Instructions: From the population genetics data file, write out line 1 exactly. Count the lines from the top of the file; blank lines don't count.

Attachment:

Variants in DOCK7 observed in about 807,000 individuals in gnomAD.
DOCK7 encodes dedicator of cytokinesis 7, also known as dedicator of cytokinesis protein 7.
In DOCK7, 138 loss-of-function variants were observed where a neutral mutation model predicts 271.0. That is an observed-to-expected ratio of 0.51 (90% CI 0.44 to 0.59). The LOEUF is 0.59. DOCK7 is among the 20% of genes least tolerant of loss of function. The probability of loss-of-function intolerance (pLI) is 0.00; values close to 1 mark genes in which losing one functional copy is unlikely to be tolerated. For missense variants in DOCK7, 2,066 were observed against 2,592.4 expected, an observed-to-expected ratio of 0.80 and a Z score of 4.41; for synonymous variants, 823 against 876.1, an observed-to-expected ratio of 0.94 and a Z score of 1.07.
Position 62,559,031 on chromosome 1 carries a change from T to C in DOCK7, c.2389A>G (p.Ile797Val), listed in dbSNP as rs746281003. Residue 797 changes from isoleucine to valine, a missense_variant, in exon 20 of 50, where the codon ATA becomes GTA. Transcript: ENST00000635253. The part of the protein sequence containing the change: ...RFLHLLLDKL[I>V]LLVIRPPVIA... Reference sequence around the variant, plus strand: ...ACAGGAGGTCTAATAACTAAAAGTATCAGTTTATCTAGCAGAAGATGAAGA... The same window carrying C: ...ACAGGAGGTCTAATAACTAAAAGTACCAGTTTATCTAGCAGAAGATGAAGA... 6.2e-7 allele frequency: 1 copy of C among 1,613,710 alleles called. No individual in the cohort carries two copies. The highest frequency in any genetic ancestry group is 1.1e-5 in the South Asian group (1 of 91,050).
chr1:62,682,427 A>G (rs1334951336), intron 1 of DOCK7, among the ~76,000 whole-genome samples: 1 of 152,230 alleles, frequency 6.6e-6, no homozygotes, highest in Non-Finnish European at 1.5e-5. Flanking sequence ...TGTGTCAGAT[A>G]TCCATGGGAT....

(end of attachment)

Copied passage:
Variants in DOCK7 observed in about 807,000 individuals in gnomAD.